The Bradley County Board of Education will vote Thursday whether to get its architect involved in determining which projects would meet insurance company requirements to use funds that would have gone toward Blue Springs Elementary School code upgrades.
Since the school has been torn down, the insurance company — Travelers — has said the “law and ordinance funds,” or code upgrade funds, could be used at Lake Forest Middle School, Bradley Central or Goal Academy.
“If you were to go to Goal Academy and construct a classroom, you could not use the entire $287,574 on that project?” asked Chairwoman Vicki Beaty.
Finance director Rick Smith reiterated the money could only go toward code upgrades.
“Really, their intent was that we bring the current Blue Springs up to code,” Smith said.
Smith explained the funds could only be used for code upgrades that were similar to those that would have been needed at Blue Springs Elementary. These would include heating and air-conditioning units, handicapped-accessibility or a sprinkler system. Smith commented that the list from the insurance company of what could qualify was somewhat confusing. He said an architect might be better able to determine what would or would not be considered.
Bradley County Schools Director Johnny McDaniel said many options had been explored.
“All of the things that we looked at in the capital outlay (renovations) ... they said no,” McDaniel said.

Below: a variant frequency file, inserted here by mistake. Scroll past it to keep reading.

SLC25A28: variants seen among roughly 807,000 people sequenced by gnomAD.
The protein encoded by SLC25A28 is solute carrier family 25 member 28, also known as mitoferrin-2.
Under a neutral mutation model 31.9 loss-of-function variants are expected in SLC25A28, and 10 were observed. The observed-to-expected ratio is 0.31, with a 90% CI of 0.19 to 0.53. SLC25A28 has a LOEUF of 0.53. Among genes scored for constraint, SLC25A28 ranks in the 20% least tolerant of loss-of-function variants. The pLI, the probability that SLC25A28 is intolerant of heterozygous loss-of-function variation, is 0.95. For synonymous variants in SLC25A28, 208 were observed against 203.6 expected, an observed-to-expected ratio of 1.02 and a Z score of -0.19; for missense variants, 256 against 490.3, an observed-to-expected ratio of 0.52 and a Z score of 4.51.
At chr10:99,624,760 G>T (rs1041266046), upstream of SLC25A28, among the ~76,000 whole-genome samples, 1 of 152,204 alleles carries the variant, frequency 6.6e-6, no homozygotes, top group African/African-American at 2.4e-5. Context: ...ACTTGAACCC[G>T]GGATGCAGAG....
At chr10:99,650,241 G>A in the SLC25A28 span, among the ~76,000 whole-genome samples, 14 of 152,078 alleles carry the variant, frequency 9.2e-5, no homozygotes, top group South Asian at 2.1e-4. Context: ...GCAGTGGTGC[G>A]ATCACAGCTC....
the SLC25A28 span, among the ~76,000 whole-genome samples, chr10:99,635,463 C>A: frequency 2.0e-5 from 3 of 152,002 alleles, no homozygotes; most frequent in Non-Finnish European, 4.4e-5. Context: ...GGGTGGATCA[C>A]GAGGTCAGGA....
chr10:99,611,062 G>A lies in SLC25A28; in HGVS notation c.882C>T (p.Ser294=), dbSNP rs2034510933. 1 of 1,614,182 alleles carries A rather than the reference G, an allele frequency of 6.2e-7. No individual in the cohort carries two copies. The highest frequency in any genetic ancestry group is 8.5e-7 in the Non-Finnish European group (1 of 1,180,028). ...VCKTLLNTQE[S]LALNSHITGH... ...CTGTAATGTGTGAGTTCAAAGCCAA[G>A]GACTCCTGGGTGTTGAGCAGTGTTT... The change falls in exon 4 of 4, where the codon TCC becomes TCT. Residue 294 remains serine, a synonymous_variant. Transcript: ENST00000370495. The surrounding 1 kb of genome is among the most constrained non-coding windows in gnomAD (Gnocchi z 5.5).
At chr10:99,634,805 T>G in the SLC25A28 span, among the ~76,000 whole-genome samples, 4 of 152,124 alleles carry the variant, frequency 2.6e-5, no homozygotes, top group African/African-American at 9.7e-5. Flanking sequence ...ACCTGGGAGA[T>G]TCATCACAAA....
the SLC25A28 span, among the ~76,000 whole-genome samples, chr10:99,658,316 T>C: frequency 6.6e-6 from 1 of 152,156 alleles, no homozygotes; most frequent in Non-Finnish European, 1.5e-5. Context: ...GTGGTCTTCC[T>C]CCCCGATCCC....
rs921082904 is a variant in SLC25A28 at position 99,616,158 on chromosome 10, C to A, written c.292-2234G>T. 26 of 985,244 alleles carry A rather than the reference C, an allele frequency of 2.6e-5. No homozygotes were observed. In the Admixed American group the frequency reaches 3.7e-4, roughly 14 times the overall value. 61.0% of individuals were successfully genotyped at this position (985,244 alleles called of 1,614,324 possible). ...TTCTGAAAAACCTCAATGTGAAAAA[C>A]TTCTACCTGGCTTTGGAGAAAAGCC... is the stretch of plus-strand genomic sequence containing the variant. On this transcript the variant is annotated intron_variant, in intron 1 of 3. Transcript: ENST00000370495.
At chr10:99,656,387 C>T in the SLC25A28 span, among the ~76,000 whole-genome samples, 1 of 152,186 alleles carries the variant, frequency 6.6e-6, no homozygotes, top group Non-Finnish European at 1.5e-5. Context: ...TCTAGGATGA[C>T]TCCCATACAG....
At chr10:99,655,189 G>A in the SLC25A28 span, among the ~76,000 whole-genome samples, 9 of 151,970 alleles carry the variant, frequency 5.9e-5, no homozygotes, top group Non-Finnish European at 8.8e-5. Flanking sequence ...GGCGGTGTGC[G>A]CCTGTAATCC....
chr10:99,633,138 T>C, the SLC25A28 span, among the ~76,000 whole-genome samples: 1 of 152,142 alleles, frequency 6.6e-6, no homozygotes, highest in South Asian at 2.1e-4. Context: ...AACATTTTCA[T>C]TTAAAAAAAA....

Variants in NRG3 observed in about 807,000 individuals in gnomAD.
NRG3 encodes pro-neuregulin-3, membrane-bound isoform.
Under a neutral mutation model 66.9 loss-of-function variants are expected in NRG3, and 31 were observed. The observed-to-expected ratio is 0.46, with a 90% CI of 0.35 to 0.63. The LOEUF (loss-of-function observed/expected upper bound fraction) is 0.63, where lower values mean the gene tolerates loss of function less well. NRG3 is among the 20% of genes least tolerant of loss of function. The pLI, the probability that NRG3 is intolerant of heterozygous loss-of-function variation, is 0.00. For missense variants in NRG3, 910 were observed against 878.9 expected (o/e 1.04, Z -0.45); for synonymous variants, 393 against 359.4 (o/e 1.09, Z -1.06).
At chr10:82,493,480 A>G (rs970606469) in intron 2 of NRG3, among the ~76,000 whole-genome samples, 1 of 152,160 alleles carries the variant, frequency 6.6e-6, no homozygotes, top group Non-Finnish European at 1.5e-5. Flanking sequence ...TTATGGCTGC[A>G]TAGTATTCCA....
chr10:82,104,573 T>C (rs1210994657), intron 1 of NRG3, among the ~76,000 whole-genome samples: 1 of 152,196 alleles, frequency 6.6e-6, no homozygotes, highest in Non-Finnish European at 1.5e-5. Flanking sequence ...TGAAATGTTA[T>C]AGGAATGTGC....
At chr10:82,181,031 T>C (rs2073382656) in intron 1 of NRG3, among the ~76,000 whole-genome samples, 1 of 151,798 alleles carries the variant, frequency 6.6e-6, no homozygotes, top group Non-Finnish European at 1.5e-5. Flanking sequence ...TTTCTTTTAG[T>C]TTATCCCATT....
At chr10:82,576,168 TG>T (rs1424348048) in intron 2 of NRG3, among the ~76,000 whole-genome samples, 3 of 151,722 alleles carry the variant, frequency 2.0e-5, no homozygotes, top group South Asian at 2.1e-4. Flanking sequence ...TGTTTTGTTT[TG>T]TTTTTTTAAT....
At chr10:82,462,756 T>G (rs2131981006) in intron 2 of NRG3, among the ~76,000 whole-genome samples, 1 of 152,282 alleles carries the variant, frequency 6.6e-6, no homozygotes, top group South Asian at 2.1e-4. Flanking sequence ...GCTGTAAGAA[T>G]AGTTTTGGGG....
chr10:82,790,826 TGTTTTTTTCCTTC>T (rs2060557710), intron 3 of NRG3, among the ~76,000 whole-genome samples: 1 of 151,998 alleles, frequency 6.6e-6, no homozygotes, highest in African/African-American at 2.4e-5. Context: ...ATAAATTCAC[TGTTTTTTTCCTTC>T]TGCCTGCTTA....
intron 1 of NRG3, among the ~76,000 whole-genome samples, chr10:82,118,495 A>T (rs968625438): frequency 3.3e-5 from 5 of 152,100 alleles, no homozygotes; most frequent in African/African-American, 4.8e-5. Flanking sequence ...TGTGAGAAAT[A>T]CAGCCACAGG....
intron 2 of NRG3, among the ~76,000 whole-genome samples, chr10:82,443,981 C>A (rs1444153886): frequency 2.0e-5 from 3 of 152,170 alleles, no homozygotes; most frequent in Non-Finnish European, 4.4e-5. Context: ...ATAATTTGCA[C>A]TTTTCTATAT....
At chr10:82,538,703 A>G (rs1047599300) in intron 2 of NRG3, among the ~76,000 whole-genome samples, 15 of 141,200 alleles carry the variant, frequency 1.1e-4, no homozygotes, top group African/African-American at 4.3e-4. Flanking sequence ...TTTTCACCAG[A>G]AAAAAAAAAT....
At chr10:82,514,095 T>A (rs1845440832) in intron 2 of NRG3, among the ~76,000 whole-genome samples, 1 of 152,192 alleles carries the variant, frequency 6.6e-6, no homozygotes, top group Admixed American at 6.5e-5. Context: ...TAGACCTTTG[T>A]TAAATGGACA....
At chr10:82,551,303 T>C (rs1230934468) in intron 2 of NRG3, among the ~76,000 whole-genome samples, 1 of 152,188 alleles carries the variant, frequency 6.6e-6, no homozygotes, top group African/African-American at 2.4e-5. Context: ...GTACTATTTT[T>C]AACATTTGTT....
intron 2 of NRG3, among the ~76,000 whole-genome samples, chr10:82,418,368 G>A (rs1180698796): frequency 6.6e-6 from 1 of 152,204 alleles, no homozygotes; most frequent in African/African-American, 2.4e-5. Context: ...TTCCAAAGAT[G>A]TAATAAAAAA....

Whatever is the greatest need for the school system should be where the funding is used, board member Nicholas Lillios said.
“That would be our top priority — Lake Forest Middle School,” Board member Christy Critchfield said.
Lillios said this would be a smaller project than Lake Forest.
Board member Chris Turner said he would like to see the board pick a project where the insurance money could cover the largest amount of work needed to be done.
Board members discussed the possibility of expanding the auditorium or gymnasium at Lake Forest Middle School. Both locations need expansion of the lobby in order to become more handicapped-accessible. Critchfield said the lobby in the auditorium is very small and needs expansion for safety reasons.
McDaniel said he would like to do something that has already been listed to the Bradley Commission as a need. He commented that expansion of the LFMS auditorium had been listed as a need.
Critchfield asked that the board put getting the architect involved on the agenda for Thursday’s voting session.
Expansion of the gymnasium or the auditorium would not give the school system the full amount. The board commented that if the board had the money to build the academic building for Lake Forest it could reclaim the entire amount.
“I think they have been more than generous with what they have done,” Critchfield said.
In order to receive the insurance money, the board must complete the project by the April 27, 2015 deadline.
Also during the work session, the board discussed whether to respond to the Commission’s most recent resolution concerning funding for LFMS. Board members decided to further discuss their opinions and concerns with the resolution at a work session in November before making a formal response to the Commission.
Board member Charlie Rose placed a resolution opposing recent state changes to teacher licensure on the agenda for the board’s voting session. A recent move by the state board of education has linked a teacher’s licensure renewal to Tennessee Value-Added Assessment System scores. These scores are derived from a complex formula based on student test scores and academic growth.